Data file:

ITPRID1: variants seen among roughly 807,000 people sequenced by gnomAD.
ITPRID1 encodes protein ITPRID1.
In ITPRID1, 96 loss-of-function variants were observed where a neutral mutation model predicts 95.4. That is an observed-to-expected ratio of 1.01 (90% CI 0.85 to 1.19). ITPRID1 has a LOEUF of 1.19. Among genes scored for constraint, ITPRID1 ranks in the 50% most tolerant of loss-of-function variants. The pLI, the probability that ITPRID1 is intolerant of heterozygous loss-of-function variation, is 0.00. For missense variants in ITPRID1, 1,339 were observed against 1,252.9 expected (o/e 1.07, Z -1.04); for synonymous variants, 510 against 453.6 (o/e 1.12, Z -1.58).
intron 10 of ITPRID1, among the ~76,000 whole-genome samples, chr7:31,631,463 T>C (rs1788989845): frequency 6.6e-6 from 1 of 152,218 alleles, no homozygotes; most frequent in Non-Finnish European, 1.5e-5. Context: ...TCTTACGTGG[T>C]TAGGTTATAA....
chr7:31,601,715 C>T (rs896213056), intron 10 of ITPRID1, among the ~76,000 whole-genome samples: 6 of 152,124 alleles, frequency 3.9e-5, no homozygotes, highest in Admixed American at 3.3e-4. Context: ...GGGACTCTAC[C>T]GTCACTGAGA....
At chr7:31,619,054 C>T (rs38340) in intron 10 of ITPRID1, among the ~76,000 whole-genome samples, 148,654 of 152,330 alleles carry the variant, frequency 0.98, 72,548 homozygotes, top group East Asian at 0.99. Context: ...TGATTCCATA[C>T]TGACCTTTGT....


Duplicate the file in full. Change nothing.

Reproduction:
ITPRID1: variants seen among roughly 807,000 people sequenced by gnomAD.
ITPRID1 encodes protein ITPRID1.
In ITPRID1, 96 loss-of-function variants were observed where a neutral mutation model predicts 95.4. That is an observed-to-expected ratio of 1.01 (90% CI 0.85 to 1.19). ITPRID1 has a LOEUF of 1.19. Among genes scored for constraint, ITPRID1 ranks in the 50% most tolerant of loss-of-function variants. The pLI, the probability that ITPRID1 is intolerant of heterozygous loss-of-function variation, is 0.00. For missense variants in ITPRID1, 1,339 were observed against 1,252.9 expected (o/e 1.07, Z -1.04); for synonymous variants, 510 against 453.6 (o/e 1.12, Z -1.58).
intron 10 of ITPRID1, among the ~76,000 whole-genome samples, chr7:31,631,463 T>C (rs1788989845): frequency 6.6e-6 from 1 of 152,218 alleles, no homozygotes; most frequent in Non-Finnish European, 1.5e-5. Context: ...TCTTACGTGG[T>C]TAGGTTATAA....
chr7:31,601,715 C>T (rs896213056), intron 10 of ITPRID1, among the ~76,000 whole-genome samples: 6 of 152,124 alleles, frequency 3.9e-5, no homozygotes, highest in Admixed American at 3.3e-4. Context: ...GGGACTCTAC[C>T]GTCACTGAGA....
At chr7:31,619,054 C>T (rs38340) in intron 10 of ITPRID1, among the ~76,000 whole-genome samples, 148,654 of 152,330 alleles carry the variant, frequency 0.98, 72,548 homozygotes, top group East Asian at 0.99. Context: ...TGATTCCATA[C>T]TGACCTTTGT....